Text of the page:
Q.E.D. Environmental Systems
QED Environmental Systems design, manufacture and support environmental technology solutions for groundwater, soil and gas management applications into industrial, environmental and energy markets worldwide. Its corporate headquarters are in the USA which support the North, Central and South American markets. QED’s International office covers Europe, the Middle East, Africa and Asia-Pacific. The company’s focussed vertical markets include remediation, landfill, biogas, medical and food and beverage. QED has an extensive network of established international distributors, enabling it to provide its products, services and support in a local language to over 60 countries throughout the world. QED also has a strong portfolio of acquired product brands including Geotech, Landtec and Viasensor gas analysers, En Novative Technologies soil sampling products and Snap Sampler groundwater sampling solutions.
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US Navy Selects Portable Air Monitor With Real-time Analysis to Check Breathing Air Quality
The US Navy now has the capability to conduct real-time analysis of breathing air from both authorized military and commercial sources. The semi-annual Fleet Air Sampling Program, currently used for air analysis, has several drawbacks.
Probably the most significant is in sending samples to a laboratory for analysis with its lack of real-time feedback to the operator. If a compressor is malfunctioning, the first diving teams may know of it is when they have to deploy their standby diver to recover an unconscious diver. It may be many months before dive teams realise a compressor is operating outside of its parameters if the problem is small and a sample is not due for some months.
The Fleet Air Sampling Program involves mandatory, semi-annual air purity testing of compressors used to supply Divers' air. Gas sampling kits supplied by a contract laboratory are sent to the field where gas samples are taken and then returned to the laboratory for analysis. Analytical results are reported to the field indicating a pass or fail based on the specifications for diving air in the U.S. Navy Diving Manual.
To make improvements, The Navy Experimental Diving Unit (NEDU), in conjunction with several manufacturers, developed a number of Portable Air Monitors (PAMs). Out of these, only the Geotech DIVEAIR2, made it to operational field-testing with US Navy Mobile Diving and Salvage Unit One and Unit Two.
NEDU has worked with manufacturers over several years to develop a PAM with the unique capability to be able to test for O2, CO2, CO, and total hydrocarbons in one package. When NEDU was satisfied that the Geotech PAM could monitor air to a suitable level of accuracy, the unit was passed to the US Naval Diving and Salvage Training Centre (NDSTC) for more thorough testing in 2006. With the help of NDSTC, and over many months testing, initial problems were identified, solved and final modifications made.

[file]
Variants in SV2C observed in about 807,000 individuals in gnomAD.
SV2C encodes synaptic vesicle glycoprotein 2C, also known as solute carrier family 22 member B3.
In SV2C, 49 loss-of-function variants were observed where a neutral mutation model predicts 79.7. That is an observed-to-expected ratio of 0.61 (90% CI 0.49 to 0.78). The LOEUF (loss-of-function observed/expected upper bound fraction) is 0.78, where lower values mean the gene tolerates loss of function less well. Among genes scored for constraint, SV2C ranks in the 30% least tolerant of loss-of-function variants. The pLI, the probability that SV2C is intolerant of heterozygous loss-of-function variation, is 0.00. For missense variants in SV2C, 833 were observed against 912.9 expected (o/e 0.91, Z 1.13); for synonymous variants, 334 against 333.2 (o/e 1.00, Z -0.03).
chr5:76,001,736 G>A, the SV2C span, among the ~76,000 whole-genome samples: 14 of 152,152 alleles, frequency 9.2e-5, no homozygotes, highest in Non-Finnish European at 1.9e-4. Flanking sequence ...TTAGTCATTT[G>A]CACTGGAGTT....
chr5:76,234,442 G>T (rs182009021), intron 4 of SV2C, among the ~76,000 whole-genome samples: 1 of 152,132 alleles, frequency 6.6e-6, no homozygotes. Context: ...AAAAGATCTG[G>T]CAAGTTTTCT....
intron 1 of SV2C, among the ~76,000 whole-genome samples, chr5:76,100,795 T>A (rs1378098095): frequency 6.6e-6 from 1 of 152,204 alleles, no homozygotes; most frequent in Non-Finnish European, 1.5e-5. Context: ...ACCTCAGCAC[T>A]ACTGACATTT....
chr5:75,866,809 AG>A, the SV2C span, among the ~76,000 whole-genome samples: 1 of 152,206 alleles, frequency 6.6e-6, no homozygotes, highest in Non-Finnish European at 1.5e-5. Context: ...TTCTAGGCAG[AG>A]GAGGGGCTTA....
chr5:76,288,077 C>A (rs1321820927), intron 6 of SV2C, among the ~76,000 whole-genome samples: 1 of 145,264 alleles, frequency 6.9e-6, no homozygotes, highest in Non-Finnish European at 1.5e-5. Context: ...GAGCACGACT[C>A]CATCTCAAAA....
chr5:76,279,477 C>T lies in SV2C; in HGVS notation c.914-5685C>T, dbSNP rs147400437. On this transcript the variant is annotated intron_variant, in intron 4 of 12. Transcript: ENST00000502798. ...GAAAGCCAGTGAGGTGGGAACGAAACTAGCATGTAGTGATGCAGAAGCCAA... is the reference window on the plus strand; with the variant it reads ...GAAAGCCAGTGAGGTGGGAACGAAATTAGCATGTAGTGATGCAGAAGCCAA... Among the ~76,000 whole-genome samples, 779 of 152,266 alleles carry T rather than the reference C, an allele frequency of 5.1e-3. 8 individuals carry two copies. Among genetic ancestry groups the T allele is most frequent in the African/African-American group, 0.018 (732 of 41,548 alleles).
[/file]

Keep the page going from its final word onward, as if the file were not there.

The resulting Geotech DIVEAIR2 comes in a small 'pelican' case with a visual alarm to alert the operator if any of the gases or elements being tested fall outside of permissible limits. It contains a rechargeable battery and can be linked to a computer to download logged test results.
The Geotech Diveair PAM has several applications in addition to supporting routine compressor testing. As seen by the US Navy during diving operations following Hurricane Katrina, the ability to test air quality before running a compressor in a potentially contaminated air environment is extremely beneficial. This same principle applies prior to using compressors on ships or in the vicinity of engine exhausts. The monitor can be used 'in-line', allowing compressor air output to be monitored continuously and alerting the operator to possible compressor malfunctions or the presence of a "bad" air source. The PAM can also be attached directly to a SCUBA bottle allowing divers to check breathing air obtained from commercial sources when the mission demands.
According to the US Navy, because this monitor is unique, they anticipate interest from other branches of the military such as submariners and aviators who also need to test breathing air in real time. There has also been interest from the commercial diving community who can see the benefit of being able to test their compressor air output real-time.
With successful pre-operational field-testing complete, NAVSEA has now purchased its first delivery of Geotech Diveair PAMs to be strategically deployed. The first twenty units will be issued to those commands which will most benefit from the portable nature of the PAM and one monitor has already been used overseas. The PAM will be issued as a package along with calibration gas and a reducer built specifically for the PAM. The current semi-annual Fleet Air Sampling Program will continue to run unchanged while the first batch of monitors are used to determine how this new capability can be best exploited and make any necessary system changes identified through field testing.
For further information please email Geotechnical Instruments